Portland Public Schools Superintendent Carole Smith is leaving. But not anytime soon.
On June 21, Smith announced she'll retire in June 2017, at the end of her contract. Her announcement came after revelations that the district had for at least three years failed to alert students, parents and teachers to elevated levels of lead in school drinking water.
Smith's timeline means she will remain the center of controversy for another year, even as PPS prepares to send a construction bond to voters in November.
Here are the burning questions swirling around the superintendent as the district heads into a long, hot summer.
Did the lead scandal cause Carole Smith to announce her retirement?
Smith says she always planned to retire next June. But this was a disastrous spring.
The Oregonian reported elevated lead levels at two schools that had been kept secret for two months. WW revealed the names of dozens of schools where PPS apparently failed to disclose elevated lead levels for at least three years. PPS found 26 schools with high radon levels and acknowledges at least 20 schools with lead paint problems, along with other health hazards that will cost the district upward of $400 million to fix.
There's no indication yet that the school system has directly harmed children's health, but trust in the district has corroded. "It's very clear that the lead crisis is only the tip of the iceberg," says Portland School Board member Paul Anthony.
Both Anthony and School Board Chairman Tom Koehler say Smith decided to announce her retirement now because of the furor surrounding lead.
Who decided when Smith would retire?
Carole Smith did.
Koehler says Smith approached him with her decision to retire on June 21, the day of the announcement. By Koehler's account, Smith and he had for months been talking about how long she would stay on the job.
Smith claimed in her announcement that "the board has asked me to stay through the end of my contract in June 2017." But two board members, Anthony and Steve Buel, went public saying they weren't consulted in advance of the announcement; Anthony told WW he learned just eight minutes before the email went out to parents.
Koehler says he asked Smith to stay, but adds his request reflects the desire of a majority of the School Board.
Does the School Board really want her around for another year?
The majority of the board has so far accepted Smith's decision to stay another year.
Only one board member, Anthony, has publicly objected to Smith remaining, telling WW it is "absolute nonsense. She has created the crisis, and she does not have the ability to extricate herself and the district from the crisis," he says. "This culture of hiding problems has certainly been strengthened under her administration."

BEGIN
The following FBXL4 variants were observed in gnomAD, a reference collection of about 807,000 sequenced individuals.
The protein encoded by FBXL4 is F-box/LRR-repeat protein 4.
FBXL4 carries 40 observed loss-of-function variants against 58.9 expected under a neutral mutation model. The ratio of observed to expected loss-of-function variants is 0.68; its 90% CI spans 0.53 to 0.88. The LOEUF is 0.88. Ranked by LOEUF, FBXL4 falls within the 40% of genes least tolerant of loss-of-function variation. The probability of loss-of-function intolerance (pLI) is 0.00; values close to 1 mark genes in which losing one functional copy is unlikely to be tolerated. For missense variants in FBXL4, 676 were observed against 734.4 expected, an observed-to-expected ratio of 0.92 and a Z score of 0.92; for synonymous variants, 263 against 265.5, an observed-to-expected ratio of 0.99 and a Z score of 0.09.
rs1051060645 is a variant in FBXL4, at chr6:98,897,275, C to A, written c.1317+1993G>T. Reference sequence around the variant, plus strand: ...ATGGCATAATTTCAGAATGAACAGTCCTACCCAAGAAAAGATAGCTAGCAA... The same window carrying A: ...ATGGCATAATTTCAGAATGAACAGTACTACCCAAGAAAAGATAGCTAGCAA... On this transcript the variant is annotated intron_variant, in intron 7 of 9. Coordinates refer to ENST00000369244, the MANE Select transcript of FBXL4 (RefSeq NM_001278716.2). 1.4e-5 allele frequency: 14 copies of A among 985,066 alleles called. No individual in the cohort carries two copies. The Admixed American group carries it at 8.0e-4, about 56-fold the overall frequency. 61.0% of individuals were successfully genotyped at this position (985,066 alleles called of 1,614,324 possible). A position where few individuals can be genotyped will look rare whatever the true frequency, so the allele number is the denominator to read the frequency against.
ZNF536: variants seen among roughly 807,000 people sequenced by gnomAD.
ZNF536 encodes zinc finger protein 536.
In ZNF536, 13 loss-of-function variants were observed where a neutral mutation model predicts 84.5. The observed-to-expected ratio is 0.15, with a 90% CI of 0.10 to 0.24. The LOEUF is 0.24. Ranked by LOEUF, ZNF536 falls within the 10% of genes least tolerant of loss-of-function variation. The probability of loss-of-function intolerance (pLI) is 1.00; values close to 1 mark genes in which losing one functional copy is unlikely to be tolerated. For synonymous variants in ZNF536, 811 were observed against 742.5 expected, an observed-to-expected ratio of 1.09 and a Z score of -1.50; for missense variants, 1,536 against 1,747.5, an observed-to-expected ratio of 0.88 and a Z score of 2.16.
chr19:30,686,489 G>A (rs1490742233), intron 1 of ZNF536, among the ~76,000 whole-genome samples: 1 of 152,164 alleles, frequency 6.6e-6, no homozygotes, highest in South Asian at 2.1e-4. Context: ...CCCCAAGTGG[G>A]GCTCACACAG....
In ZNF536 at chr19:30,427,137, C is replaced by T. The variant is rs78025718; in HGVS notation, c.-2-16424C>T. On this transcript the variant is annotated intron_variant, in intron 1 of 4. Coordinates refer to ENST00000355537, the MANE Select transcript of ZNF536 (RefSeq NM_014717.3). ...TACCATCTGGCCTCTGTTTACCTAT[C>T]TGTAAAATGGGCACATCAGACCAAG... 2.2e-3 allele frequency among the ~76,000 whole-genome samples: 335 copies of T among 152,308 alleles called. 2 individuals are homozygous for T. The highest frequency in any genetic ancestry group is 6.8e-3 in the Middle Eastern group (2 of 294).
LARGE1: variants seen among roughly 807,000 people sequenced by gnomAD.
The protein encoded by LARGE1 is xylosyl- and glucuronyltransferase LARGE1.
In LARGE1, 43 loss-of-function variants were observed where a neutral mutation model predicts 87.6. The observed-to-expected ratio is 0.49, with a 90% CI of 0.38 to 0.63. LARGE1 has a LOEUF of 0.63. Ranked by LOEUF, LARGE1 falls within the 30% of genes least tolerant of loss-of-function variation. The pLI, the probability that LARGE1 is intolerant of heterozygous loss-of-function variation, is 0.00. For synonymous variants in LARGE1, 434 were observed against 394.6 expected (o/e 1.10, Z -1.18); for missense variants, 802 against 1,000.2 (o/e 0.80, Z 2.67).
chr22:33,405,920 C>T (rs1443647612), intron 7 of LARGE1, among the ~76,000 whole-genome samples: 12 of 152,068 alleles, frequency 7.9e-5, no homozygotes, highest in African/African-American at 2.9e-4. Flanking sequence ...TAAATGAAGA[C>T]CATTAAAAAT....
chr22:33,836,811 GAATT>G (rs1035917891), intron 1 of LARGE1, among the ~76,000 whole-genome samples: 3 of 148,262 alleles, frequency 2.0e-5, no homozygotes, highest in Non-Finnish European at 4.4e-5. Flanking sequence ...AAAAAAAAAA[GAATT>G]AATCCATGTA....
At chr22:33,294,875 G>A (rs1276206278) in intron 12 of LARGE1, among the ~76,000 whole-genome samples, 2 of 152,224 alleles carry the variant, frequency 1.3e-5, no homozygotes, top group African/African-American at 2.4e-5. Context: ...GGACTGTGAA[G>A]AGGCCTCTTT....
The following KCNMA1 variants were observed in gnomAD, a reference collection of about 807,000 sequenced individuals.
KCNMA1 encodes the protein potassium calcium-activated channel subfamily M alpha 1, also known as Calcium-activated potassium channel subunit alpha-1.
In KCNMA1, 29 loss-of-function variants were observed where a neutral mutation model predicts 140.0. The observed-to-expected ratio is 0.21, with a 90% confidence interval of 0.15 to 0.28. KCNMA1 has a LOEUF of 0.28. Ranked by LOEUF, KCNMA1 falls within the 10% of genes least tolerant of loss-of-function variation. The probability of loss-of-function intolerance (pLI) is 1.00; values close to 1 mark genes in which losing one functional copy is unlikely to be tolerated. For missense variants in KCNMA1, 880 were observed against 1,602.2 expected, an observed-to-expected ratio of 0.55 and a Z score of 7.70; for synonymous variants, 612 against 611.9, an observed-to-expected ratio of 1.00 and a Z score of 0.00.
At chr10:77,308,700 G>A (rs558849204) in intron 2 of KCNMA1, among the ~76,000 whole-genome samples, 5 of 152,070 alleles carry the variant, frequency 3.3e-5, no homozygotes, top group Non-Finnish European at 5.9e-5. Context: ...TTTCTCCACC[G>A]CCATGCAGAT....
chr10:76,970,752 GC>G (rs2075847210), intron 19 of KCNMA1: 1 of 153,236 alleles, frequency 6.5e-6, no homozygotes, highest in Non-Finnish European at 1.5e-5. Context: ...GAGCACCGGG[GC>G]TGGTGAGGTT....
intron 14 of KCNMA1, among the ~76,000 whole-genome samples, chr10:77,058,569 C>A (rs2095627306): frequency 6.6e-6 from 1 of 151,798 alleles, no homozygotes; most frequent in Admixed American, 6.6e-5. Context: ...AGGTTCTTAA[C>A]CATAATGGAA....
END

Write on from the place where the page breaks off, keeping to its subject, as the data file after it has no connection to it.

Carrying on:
Koehler, Amy Kohnstamm and Pam Knowles say they support Smith staying on for a year. The other three board members have declined to say.
"It's not something for me to discuss in public," says Buel. "Who discusses employees in public?"
The support is ironic. A year ago, four of the seven School Board members were elected as part of a wave of dissatisfaction with district leadership and on a promise not to rubber-stamp the superintendent's decisions.
The board still has the power to fire Smith without cause. They just need to give three months' notice or severance pay for that period.
When the lead scandal began, the board retained the law firm Stoll Berne to investigate what went wrong. That report is due in early July. Yet by announcing her departure date now, Smith got out in front of any bad news—and the board let her.
"The intention seemed to be to diffuse the spotlight that's been on her," says Portland Association of Teachers president Gwen Sullivan. "It seems very intentional."
Why would the board want Smith to stay?
Before the lead crisis, Smith was enjoying a banner year. Negotiations with teachers were going smoothly, unlike two years ago when there was nearly a strike. It was only the second school year when she didn't have to oversee budget cuts. The four-year graduation rates in Portland rose to 74 percent last year, up from 53 percent in 2009. Her crowning achievement this year was the improvements seen at Jefferson High School, the city's traditionally African-American high school, where the graduation rate hit 80 percent last year—a 25-point jump from four years before.
Are parents and teachers OK with Smith staying?
It depends. Smith still has loyal defenders among parents. But many want her gone now.
"As superintendent, Carole is dangerously out of touch with her responsibilities," says Emily Petterson, a parent at Rose City Park School, where elevated lead levels were found. "It's hard to wish anything negative onto anyone, but the bottom line is that Carole needs to be held culpable."
Sullivan, the union president, says teachers are waiting for the results of the lead investigation—and they expect the board to act then. "They can't ignore whatever comes out," she says, "and I don't think they will."
How will Smith's sticking around affect the November school bond?
The construction bond slated for the November ballot could include up to $556.5 million in repairs.
But the vote on the bond issue has the potential to turn into a referendum on Smith's leadership.
"The ideal situation is a sense from the community that there's stable and effective leadership," says DHM Research vice president and political director John Horvick. "I would say it is partly a vote on people's confidence in PPS's leadership."
The school bond campaign has polled voter support, but not since news of the lead crisis broke in full, says Kohnstamm, who co-chairs the bond campaign.
Teachers, whose support is crucial, are skeptical. "We need new facilities," says Sullivan. "It's not that we don't, but the district has to show that it can manage itself."